I keep hearing people who love metal music telling me that it bores them these days. It’s not the same. The market is oversaturated with Djent or Metalcore or [put overdone subgenre here]. Good news is, I’ve heard this complaint before in other genres and they’ve survived and thrived after the fact.
I have a way of approaching metal music that has nothing to do with tradition and “how things used to be.” I’m open minded because I don’t hold any preconceived notions of how a genre is supposed to sound. I understand that there are genres and subgenres, but it’s like saying this human is brown and that human is pink; therefore, they are fundamentally different species. They aren’t but that’s how humans tend to think.
I watched a change in you
It’s like you never had wings
Now you feel so alive
I watched you change
~”Change (in the House of Flies)” | Deftones | White Pony
I know that I can’t stand it when something I enjoy is discontinued or the formula is altered. Most of the times, it’s for the worst, but everything evolves. Try to remember that as something transition, we may find ourselves witnessing the chrysalis.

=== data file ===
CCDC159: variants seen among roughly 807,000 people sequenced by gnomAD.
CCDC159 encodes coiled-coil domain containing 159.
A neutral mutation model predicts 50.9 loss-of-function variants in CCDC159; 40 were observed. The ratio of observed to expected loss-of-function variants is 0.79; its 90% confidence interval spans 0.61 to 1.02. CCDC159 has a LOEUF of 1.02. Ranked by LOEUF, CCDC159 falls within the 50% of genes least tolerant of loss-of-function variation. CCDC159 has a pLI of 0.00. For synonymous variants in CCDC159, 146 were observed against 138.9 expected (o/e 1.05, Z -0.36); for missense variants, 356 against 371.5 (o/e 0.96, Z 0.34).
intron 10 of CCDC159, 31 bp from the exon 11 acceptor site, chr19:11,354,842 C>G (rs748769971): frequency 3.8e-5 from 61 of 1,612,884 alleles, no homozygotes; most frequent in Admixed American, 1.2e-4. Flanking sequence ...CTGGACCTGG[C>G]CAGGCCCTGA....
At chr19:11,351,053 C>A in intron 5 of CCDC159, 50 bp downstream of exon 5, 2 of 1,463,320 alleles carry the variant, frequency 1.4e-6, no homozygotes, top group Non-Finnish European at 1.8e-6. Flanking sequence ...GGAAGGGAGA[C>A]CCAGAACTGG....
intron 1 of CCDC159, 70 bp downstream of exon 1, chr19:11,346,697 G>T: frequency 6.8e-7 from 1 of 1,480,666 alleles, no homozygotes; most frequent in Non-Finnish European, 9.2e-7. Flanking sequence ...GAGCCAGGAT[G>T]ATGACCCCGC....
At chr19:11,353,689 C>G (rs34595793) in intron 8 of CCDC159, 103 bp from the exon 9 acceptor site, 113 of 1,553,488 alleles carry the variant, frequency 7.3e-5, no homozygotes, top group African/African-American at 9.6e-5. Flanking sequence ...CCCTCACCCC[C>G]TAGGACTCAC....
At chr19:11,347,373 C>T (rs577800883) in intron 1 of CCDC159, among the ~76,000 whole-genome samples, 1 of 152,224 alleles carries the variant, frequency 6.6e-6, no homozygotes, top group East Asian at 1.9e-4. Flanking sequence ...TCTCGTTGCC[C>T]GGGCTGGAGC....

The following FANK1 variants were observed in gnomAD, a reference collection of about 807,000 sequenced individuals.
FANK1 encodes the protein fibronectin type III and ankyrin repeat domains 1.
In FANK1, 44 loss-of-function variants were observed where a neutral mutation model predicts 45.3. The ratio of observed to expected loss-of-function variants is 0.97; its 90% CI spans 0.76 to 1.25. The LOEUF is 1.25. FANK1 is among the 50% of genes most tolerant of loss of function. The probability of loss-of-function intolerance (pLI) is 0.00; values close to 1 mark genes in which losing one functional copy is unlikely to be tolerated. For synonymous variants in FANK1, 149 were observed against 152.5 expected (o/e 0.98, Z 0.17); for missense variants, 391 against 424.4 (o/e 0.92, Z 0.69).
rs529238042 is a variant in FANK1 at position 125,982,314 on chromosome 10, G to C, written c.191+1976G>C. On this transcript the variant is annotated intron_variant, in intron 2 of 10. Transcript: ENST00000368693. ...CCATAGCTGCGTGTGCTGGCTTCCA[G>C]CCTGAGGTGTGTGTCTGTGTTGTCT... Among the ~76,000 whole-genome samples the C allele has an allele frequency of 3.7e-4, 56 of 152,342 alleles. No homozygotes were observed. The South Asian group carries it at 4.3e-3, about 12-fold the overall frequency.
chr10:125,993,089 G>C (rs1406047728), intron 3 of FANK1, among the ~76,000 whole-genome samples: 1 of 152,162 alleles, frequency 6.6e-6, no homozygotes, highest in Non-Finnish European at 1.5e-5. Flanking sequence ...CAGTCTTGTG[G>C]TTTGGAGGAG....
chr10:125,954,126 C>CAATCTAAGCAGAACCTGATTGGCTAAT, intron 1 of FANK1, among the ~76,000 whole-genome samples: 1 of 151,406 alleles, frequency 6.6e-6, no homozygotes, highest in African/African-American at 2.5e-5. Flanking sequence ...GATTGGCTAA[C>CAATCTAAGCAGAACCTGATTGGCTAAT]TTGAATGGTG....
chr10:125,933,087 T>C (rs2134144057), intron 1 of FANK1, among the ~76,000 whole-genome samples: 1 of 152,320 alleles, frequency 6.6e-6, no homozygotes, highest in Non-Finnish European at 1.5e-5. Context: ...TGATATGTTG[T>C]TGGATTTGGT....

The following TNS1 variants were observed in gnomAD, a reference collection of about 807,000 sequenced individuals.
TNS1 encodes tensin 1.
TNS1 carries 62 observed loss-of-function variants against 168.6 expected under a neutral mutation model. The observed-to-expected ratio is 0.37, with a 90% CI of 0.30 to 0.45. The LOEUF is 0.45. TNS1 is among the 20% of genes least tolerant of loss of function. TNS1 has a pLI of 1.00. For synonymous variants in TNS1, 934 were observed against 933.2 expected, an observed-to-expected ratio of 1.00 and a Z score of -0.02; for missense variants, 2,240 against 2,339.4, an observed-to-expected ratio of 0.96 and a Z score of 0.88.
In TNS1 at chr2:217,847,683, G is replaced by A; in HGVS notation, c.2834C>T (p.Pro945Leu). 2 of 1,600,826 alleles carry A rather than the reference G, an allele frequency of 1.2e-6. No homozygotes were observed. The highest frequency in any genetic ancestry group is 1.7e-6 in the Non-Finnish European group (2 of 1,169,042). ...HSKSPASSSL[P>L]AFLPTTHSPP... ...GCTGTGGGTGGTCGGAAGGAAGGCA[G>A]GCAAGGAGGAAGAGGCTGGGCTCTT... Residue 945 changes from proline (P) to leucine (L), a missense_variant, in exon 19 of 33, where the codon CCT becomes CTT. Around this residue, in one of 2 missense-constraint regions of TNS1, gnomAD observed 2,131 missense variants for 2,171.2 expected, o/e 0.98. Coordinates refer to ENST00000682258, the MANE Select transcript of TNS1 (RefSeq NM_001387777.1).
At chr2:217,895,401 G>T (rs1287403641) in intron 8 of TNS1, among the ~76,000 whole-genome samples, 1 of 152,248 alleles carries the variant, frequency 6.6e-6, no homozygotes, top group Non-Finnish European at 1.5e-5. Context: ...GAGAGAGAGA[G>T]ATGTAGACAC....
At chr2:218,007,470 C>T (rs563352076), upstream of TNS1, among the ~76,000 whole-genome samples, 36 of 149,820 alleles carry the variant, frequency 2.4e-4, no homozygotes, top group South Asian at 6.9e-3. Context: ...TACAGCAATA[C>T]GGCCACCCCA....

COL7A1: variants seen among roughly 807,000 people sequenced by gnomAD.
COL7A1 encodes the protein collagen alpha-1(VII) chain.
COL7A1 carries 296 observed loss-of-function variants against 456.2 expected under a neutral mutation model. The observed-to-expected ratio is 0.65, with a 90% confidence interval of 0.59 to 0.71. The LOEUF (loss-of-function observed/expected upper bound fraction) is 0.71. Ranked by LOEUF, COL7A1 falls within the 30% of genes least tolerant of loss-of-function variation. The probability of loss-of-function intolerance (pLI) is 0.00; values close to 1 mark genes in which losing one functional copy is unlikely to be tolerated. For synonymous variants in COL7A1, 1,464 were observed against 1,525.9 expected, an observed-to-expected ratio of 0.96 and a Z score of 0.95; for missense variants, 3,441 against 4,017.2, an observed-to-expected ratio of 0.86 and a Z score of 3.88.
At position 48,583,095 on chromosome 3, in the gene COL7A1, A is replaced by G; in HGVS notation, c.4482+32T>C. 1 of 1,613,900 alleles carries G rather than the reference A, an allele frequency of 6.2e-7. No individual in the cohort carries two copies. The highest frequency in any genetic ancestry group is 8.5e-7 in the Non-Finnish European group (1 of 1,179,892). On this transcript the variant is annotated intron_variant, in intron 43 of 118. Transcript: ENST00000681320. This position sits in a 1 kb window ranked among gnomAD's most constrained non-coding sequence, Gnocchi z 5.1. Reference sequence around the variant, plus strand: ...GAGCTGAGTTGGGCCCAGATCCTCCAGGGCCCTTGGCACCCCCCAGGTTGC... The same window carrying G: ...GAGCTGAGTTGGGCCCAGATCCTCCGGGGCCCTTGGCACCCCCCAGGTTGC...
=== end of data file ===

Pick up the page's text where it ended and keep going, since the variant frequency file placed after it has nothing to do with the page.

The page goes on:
A chrysalis is neither the caterpillar nor the butterfly. It doesn’t look like it’s doing anything special on the outside, but inside magic is happening. Think of all the bands you’ve enjoyed and there is usually a “cocoon” of an album in there somewhere as they transition from the new band to watch into a long time player like Dream Theater or Tool.
Change is a condition of innovation. Music goes through slumps where even I despair of finding something fresh and engaging. Music also has mind-melting bursts of creativity. I’ve learned to take the good with the bad. A slump is just a marker that something amazing is about to break free and take flight.
©2014 iokirkwood.com “Change (in the House of [Butter] Flies” All rights reserved.
In between bouts of writing for metaldescent.com, blogging, and banging her head, I.O. Kirkwood is the author of “Subatomic Revolt” in Mike Lynch’s No Revolution Is Too Big series and the short story “The White Carpet,” a finalist in the Scribes Valley Publishing Fiction Contest in 2013.